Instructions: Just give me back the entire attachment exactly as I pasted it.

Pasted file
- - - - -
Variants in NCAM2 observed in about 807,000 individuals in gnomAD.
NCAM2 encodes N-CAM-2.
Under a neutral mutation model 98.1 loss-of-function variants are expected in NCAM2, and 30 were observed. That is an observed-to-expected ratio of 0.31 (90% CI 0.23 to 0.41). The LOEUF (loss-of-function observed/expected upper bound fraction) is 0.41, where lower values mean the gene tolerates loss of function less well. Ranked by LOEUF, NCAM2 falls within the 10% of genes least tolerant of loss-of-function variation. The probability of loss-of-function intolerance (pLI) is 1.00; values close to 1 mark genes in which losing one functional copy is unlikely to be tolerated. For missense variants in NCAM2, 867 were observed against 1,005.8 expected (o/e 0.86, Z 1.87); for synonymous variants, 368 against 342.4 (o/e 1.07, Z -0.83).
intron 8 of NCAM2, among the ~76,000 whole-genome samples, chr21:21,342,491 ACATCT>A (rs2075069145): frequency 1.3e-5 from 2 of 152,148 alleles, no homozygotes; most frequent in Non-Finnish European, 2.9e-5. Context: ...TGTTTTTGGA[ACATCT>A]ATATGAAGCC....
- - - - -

Variants in NCAM2 observed in about 807,000 individuals in gnomAD.
NCAM2 encodes N-CAM-2.
Under a neutral mutation model 98.1 loss-of-function variants are expected in NCAM2, and 30 were observed. That is an observed-to-expected ratio of 0.31 (90% CI 0.23 to 0.41). The LOEUF (loss-of-function observed/expected upper bound fraction) is 0.41, where lower values mean the gene tolerates loss of function less well. Ranked by LOEUF, NCAM2 falls within the 10% of genes least tolerant of loss-of-function variation. The probability of loss-of-function intolerance (pLI) is 1.00; values close to 1 mark genes in which losing one functional copy is unlikely to be tolerated. For missense variants in NCAM2, 867 were observed against 1,005.8 expected (o/e 0.86, Z 1.87); for synonymous variants, 368 against 342.4 (o/e 1.07, Z -0.83).
intron 8 of NCAM2, among the ~76,000 whole-genome samples, chr21:21,342,491 ACATCT>A (rs2075069145): frequency 1.3e-5 from 2 of 152,148 alleles, no homozygotes; most frequent in Non-Finnish European, 2.9e-5. Context: ...TGTTTTTGGA[ACATCT>A]ATATGAAGCC....